Thursday, February 19, 2015

Oscars 2014: Best Picture and Director — Boyhood vs. Birdman

And here we are. Thus far in the Manifesto's Oscar analysis, we've looked at the technical categories, including the ones that really matter and the ones that matter a little less; the supporting actor and actress fields; the screenplays; and the lead actors. And now, we come to the two big ones. In a refreshing change of pace from the Oscars' usual predictability, they're two of the more uncertain awards of the night.


Wes Anderson—The Grand Budapest Hotel
Alejandro González Iñárritu—Birdman
Richard Linklater—Boyhood
Bennett Miller—Foxcatcher
Morten Tyldum—The Imitation Game

Given how much low-hanging fruit The Grand Budapest Hotel is likely to scoop up over the course of the evening, Anderson has a theoretical shot. But this is really a faceoff between Iñárritu and Linklater, the helmers of the two Best Picture favorites. As it result, it really comes to what Academy voters value in this category. The argument for Linklater is more conceptual than technical; there's obviously never been a movie like Boyhood, and it took its director's incredible vision to make it happen. But as recent wins for Gravity's Alfonso Cuarón and Life of Pi's Ang Lee suggest, the Best Director award is increasingly becoming tied to technical achievement. And as astonishing as Boyhood is in its scope and its storytelling, it's fairly ordinary in its technical execution, whereas Birdman is a showy and dazzling piece of cinematic artistry. On that score, Iñárritu is the pick. (He also has the guild nod, which hardly hurts.)

Anderson. The Grand Budapest Hotel is the work of an undeniably gifted filmmaker. That it unfolds with an aura of quiet melancholy only makes Anderson's technical achievement more impressive.

Wes Anderson—The Grand Budapest Hotel
Damien Chazelle—Whiplash
David Fincher—Gone Girl
Doug Liman—Edge of Tomorrow
Christopher Nolan—Interstellar

Aside from Anderson, the latter four directors here made my four favorite movies of the year, which is hardly a coincidence. Each film features a director elevating his material, whether it's through rigorous control (Chazelle), playful genre manipulation (Fincher), robust and clear-eyed action scenes (Liman), or pure ambition (Nolan).

My ideal winner: Christopher Nolan—Interstellar.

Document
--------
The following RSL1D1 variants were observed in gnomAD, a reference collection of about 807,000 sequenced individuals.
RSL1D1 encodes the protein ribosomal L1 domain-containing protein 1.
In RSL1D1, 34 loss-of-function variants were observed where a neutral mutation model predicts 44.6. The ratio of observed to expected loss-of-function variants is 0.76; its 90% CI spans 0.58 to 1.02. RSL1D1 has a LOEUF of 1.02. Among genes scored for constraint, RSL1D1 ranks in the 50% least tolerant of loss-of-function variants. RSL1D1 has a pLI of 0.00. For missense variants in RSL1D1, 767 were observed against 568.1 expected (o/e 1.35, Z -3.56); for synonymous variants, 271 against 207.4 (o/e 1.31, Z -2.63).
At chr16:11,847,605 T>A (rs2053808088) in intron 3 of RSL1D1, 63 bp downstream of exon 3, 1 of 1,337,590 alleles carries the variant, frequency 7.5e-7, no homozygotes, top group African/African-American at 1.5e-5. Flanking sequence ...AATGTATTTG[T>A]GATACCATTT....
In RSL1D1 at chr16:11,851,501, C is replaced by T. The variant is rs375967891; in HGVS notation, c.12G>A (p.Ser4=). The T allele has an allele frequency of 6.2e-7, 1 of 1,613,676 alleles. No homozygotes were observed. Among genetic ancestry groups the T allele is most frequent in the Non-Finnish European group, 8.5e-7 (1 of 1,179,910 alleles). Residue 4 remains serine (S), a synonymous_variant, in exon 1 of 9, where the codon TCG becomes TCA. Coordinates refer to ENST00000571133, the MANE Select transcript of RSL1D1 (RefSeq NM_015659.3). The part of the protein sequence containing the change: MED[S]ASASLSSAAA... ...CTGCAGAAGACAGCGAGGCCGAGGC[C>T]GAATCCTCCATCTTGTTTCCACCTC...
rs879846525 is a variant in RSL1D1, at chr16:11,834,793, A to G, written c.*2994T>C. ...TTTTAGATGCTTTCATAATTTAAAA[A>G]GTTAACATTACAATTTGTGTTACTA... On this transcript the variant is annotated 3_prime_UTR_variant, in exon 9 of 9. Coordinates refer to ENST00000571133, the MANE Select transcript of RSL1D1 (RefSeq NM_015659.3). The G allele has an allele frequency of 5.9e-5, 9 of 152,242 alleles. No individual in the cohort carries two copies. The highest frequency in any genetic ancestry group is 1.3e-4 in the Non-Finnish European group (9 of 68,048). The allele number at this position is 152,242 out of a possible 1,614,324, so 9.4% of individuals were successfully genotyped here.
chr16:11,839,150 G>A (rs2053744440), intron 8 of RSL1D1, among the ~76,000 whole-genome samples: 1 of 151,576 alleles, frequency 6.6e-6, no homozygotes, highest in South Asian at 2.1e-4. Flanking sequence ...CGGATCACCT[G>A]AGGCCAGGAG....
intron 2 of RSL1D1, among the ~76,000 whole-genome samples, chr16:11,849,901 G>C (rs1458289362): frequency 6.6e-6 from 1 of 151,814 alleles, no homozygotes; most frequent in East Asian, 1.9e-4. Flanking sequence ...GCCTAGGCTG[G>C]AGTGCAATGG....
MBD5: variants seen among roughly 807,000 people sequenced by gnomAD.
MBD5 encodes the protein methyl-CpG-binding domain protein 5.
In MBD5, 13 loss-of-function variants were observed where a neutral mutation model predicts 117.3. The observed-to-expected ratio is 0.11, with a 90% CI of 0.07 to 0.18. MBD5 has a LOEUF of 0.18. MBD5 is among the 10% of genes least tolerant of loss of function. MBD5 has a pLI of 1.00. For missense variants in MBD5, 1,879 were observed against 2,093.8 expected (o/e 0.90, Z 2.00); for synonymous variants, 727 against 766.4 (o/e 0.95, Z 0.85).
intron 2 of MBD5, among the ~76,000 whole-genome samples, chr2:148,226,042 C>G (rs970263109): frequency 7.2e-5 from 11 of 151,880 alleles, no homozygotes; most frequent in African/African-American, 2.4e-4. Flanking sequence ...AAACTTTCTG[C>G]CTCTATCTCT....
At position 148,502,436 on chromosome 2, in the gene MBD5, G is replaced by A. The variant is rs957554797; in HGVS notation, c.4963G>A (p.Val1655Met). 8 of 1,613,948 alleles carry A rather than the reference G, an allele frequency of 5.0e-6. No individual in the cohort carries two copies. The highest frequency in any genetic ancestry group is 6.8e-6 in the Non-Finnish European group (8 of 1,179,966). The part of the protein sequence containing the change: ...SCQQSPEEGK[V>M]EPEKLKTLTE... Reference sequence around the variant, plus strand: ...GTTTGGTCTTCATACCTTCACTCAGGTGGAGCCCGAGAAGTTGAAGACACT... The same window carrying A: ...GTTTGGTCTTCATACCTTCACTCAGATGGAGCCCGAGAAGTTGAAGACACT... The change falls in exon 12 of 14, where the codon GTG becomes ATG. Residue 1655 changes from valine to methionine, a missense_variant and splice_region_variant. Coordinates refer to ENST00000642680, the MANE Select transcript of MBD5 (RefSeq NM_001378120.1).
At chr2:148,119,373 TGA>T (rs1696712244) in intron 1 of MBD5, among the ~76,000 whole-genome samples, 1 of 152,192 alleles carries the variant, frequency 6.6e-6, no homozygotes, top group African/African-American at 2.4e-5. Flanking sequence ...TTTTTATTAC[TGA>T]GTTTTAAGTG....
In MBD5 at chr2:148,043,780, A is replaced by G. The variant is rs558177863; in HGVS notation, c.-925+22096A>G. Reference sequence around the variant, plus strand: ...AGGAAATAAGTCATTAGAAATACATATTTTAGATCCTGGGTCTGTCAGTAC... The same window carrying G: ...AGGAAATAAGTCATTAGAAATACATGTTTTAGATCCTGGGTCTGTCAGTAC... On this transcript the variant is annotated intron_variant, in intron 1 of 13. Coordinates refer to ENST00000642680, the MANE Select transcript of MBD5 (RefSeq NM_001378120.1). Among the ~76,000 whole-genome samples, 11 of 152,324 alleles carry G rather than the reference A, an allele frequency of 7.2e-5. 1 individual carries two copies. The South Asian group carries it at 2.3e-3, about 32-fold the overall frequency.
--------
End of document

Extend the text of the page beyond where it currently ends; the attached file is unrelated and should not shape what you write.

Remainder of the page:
American Sniper
The Grand Budapest Hotel
The Imitation Game
The Theory of Everything

I just can't do it.

Look, I want to pick Boyhood here. I really do. And it certainly has a legitimate shot. But first, let me make something clear: If you pick a movie other than Birdman or Boyhood here, someone had better be giving you odds. Sure, it's possible that the two top dogs could somehow split votes, leaving room for an interloper like the zeitgeist-hitting American Sniper or the trophy-gathering Grand Budapest Hotel. But if you're just trying to predict who's going to win the Academy Award for Best Picture of 2014, you need to take either Birdman or Boyhood.

And again, the case for Boyhood isn't entirely manufactured. It's as critically beloved as any movie in recent memory, with a nonsensical 100 Metacritic score. It's startlingly original. And in terms of Oscar-centric statistics, it has two hugely valuable wins at the BAFTAs and the Golden Globes. (The latter win was for Best Drama—Birdman actually lost the Best Musical/Comedy race to The Grand Budapest Hotel.) If you want to reach, you can even point out that Birdman lacks a Best Film Editing nomination, and no movie without one has won Best Picture since Ordinary People in 1980. This is not an unreasonable case.

But here's the thing: Birdman won at the Producers' Guild, the only voting body that uses the same (insanely complex) preferential ballot system as the Academy. It also won the Best Ensemble Cast award at the Screen Actors' Guild (their equivalent of Best Picture), and actors make up more voters in the Academy than any other occupation. Oh, and it won at the Directors' Guild as well. The only movie to have won all three and fail to triumph at the Oscars is Apollo 13 in 1995 (the first year of SAG's award), when it lost to a little movie called Braveheart.

Critics love Boyhood. But critics don't get a vote with the Academy. You know who votes? Actors, directors, cinematographers, composers, costume designers, sound mixers, and gaffers. They all seem to love Birdman. And that's why Birdman is your Best Picture winner.

(To be clear: I hope I'm wrong. But I'm afraid I might be right.)

Not quite my tempo.

For this, I can refer you to the first 10 titles on my year-end list.

And that's a wrap of the Manifesto's 2014 Oscars predictions. Go here for a full roundup of all our picks. We'll be back on Monday with a quick recap of the show.

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